Did being raised on the land influence your career? I never thought of my life as a career. I did things because it seemed like the right thing to do: it was to do with timing and where things were needed. 

Just by the fact of how we lived, how we made our living and how we got our food, it dictated to us what we had to do. You want to keep warm? You go and make sure you have wood. You want food? You go and set the net and make sure you have enough fish.

In my growing-up years, I always found that it wasn’t whether you were 10 or 14, it was what you could do. It was your contribution. You had to really support the family: the sons harvested and the daughters were helpers to the family.

I never heard anyone ask, “How old are you?”

People, I think, were much more confident in themselves then, much more sure of what they had to do every day in their life. There was a proud independence about the fact that people knew what to do, and felt comfortable with their abilities. And it wasn’t just something that was talked about, it was demonstrated in everyday activity. We were always aware how many muskrats you got: it [affected] whether you were going to have a better order, bringing in flour and your staples. I guess, in its own way, there was always awareness of how hard you worked to make sure you were going to live through the winter.

I would say, I wish I was born even earlier. I was so privileged because I was living in a society where the relationships between elders and children working together were really a common part of our life. If I were born earlier, there would be even more of that. There’s no big lesson, just, when people are talking to you, you listen. And you don't just sit there politely, you really listen. Anybody who grew up in that period of time, you’ve had a good grounding and it goes back to having pride in what you’re doing, knowledge of what you’re doing and control over what you’re doing.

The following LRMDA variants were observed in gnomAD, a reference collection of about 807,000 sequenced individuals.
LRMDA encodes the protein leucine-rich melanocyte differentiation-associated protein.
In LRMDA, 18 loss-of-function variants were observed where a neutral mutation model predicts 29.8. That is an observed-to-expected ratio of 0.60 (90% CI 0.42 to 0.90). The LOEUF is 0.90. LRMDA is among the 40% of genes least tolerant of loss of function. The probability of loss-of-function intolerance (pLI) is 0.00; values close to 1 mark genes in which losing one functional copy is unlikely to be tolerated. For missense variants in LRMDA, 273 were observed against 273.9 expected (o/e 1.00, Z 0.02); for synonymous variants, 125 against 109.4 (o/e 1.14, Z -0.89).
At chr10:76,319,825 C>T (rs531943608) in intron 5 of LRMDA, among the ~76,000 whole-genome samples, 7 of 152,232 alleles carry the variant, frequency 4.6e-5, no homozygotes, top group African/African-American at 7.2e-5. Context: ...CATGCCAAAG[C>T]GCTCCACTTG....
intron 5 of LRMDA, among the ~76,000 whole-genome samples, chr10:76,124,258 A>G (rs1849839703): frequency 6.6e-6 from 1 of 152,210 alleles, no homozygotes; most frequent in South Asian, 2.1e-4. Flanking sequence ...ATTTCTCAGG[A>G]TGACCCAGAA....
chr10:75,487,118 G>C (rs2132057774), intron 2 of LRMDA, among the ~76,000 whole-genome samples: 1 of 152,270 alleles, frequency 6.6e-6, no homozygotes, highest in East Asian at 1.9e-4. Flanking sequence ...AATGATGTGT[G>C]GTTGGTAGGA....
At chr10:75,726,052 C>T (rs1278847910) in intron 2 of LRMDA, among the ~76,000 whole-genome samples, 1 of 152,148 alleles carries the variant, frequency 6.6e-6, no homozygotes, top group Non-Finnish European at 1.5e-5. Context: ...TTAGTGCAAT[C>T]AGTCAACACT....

What was your approach going into talks about the Inuvialuit Final Agreement and self-government? What we’re doing is we’re trying to survive and overcome a lot of changes. 

There were always different issues that came about and changed peoples lives but I think the most debilitating thing was just the attitude toward programs and services provided to the native population. It was one-program-fits-all. It says, “You’re on welfare: if you want help, you’re on welfare.” A lot of people didn’t take welfare for a long time and there was quite a pushback to say, “Look, welfare is not what people need.” People need support in maybe building homes, but with the government it’s always, “Here’s your welfare cheque.” And by taking that welfare cheque, the government owns you. You’re a dependant. People had to really work to survive that. Some people could do that and a lot of people were not able to or really had to struggle.

I don’t think the people in government ever thought that they should be trying to adapt programs and support services to who people were and what they could do. It was, “You adapt to what we’re giving you and how we’re giving it to you.” You take a lot of pride and dignity away from people when you say, “Well, now you’re depending on us."

There was not a lot respect for the capabilities of people. It was: “How quickly can you live like us, with our southern values and southern lifestyle?” And it was a big difference.


But these weren't the first influences of the south. We were always tied to the will of the international [markets]. When the fur trade went down, why did it go down? Italians weren’t buying. When the different species were no longer being bought and sold, it was an international protectionist-type of lobby. It wasn’t because the population of species went down. 

We sold sealskins, we sold muskrats, because people were living on that. They moved around so you never really disrupted the population, unless something came in that was beyond our control. Like the bowhead whale—whalers came in and decimated that population. They did, we didn’t. 

We are evolving all of the time. There were the whaling days, the development of the DEW Line, the resettling and starting of communities. People—even though there have been a lot of pressures and changes—were resilient, they still survive and are still proud of who they are.